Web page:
“Instead of creating safe and nurturing learning environments, these policies have resulted in the criminalization of youth – particularly youth of color – for minor behavior, like being late for school or talking back.” the white paper states. “[These behaviors] can be more effectively addressed by positive disciplinary measures like mediation, restorative justice practices, and positive behavior and intervention supports.”
 
Texas Officers Write Thousands of Tickets
 
The New York Times reports that hundreds of thousands of students are written citations by police officers in schools each year. A disproportionate number of those citations go to African-American and Hispanic students. In Texas alone, more than 100,000 misdemeanor tickets are written to students each year. Those students may face significant amounts in fines and community service hours. In some cases, the ticket remains on the student’s permanent record, which could impact the student’s ability to get into college, get a job or volunteer for military service.
 
Earlier this year, Texas Appleseed and the NAACP chapter in Brazos County filed a complaint with the U.S. Education Department’s Office of Civil Rights, stating black students were receiving citations at four times the rate of white students. In the meantime, the district is revising guidelines for issuing citations for students, in response to those concerns.
 
Questions Raised in Indiana
 
As legislation requiring armed guards in all Indiana public schools moves through the Indiana House and Senate, questions have been raised about whether this move is the best one for Indiana students. The Herald Bulletin reports that the bill has been pulled and revamped, as state lawmakers grapple with the best way to protect students. Currently, a clause is included in the bill that would require security personnel to participate in 40 hours of training prior to placement in a public school.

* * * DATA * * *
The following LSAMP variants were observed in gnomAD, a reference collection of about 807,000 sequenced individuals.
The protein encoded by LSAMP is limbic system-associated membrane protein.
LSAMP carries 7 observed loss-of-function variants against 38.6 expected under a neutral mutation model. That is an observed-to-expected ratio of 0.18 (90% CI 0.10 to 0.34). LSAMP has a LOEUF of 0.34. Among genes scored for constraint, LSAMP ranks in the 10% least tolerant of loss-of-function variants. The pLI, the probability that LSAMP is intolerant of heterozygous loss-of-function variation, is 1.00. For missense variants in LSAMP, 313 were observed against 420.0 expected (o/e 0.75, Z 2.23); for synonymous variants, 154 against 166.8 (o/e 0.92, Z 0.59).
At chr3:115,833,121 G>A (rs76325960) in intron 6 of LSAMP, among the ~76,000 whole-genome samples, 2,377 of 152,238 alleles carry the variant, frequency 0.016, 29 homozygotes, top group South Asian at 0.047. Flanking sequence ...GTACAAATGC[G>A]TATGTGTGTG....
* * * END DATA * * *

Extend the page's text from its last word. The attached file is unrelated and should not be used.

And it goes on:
Lawmakers are pleased to see the clause, since police officers in the school would have “full law enforcement powers,” which include handcuffing students and arresting those that resist.
 
“If we’re going to take the opportunity to put more police in schools, we need to take a step back to make sure they’re well trained and that we have the best practices in place,” JauNae Hanger, a civil rights attorney from Indianapolis, told the Herald Bulletin.
 
Portland Cops Labeled “Different”
 
In Portland, another type of dilemma is taking place. The Oregon school district is considering the elimination of 23 police officers currently working in Portland Public Schools as it seeks to trim a tight budget. Advocates for the resource officers told Willamette Week the officers in Portland schools are different from those in other areas. These officers spend time getting to know the students and are more interested in helping students than making arrests. The conflict has put the Portland mayor in the hot seat, as he struggles to balance the budget without sacrificing student safety.
 
When it comes to keeping kids safe in schools, it appears there are no easy answers. While armed guards may seem like a good idea on the surface, past history suggests this approach may raise as many issues as it solves.